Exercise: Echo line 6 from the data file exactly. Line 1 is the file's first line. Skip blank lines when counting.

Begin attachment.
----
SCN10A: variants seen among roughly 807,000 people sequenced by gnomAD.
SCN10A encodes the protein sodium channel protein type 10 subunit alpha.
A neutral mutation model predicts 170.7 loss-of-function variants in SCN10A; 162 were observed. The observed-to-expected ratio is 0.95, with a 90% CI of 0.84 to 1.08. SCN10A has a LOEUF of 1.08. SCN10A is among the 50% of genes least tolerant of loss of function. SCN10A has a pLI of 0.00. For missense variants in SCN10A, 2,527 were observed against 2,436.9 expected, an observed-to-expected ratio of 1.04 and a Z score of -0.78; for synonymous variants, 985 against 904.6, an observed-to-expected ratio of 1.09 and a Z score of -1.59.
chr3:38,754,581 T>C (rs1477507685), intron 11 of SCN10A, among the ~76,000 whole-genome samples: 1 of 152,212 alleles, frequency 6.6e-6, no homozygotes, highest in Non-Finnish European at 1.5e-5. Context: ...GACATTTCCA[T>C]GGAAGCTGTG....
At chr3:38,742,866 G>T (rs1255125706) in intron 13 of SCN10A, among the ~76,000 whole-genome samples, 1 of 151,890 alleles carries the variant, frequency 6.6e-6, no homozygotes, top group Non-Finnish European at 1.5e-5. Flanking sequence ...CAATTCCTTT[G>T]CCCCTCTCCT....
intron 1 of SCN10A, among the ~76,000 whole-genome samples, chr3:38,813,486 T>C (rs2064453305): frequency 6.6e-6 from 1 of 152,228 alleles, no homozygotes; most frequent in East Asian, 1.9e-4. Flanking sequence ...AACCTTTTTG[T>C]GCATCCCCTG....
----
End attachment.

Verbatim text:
intron 1 of SCN10A, among the ~76,000 whole-genome samples, chr3:38,813,486 T>C (rs2064453305): frequency 6.6e-6 from 1 of 152,228 alleles, no homozygotes; most frequent in East Asian, 1.9e-4. Flanking sequence ...AACCTTTTTG[T>C]GCATCCCCTG....